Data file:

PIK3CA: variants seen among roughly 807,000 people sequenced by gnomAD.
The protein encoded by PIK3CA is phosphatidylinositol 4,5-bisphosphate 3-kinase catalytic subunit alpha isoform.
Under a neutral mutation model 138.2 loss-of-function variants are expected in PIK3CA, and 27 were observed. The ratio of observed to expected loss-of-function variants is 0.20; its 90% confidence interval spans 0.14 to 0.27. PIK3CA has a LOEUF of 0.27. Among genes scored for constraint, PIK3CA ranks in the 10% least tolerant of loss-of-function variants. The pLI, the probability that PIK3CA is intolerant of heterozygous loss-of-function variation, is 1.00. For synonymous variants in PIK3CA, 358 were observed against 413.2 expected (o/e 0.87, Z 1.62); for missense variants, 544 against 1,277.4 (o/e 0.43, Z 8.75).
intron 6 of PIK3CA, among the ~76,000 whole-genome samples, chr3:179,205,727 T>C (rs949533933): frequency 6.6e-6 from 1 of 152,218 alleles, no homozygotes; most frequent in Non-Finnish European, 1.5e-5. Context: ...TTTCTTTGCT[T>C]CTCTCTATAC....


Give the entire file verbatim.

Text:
PIK3CA: variants seen among roughly 807,000 people sequenced by gnomAD.
The protein encoded by PIK3CA is phosphatidylinositol 4,5-bisphosphate 3-kinase catalytic subunit alpha isoform.
Under a neutral mutation model 138.2 loss-of-function variants are expected in PIK3CA, and 27 were observed. The ratio of observed to expected loss-of-function variants is 0.20; its 90% confidence interval spans 0.14 to 0.27. PIK3CA has a LOEUF of 0.27. Among genes scored for constraint, PIK3CA ranks in the 10% least tolerant of loss-of-function variants. The pLI, the probability that PIK3CA is intolerant of heterozygous loss-of-function variation, is 1.00. For synonymous variants in PIK3CA, 358 were observed against 413.2 expected (o/e 0.87, Z 1.62); for missense variants, 544 against 1,277.4 (o/e 0.43, Z 8.75).
intron 6 of PIK3CA, among the ~76,000 whole-genome samples, chr3:179,205,727 T>C (rs949533933): frequency 6.6e-6 from 1 of 152,218 alleles, no homozygotes; most frequent in Non-Finnish European, 1.5e-5. Context: ...TTTCTTTGCT[T>C]CTCTCTATAC....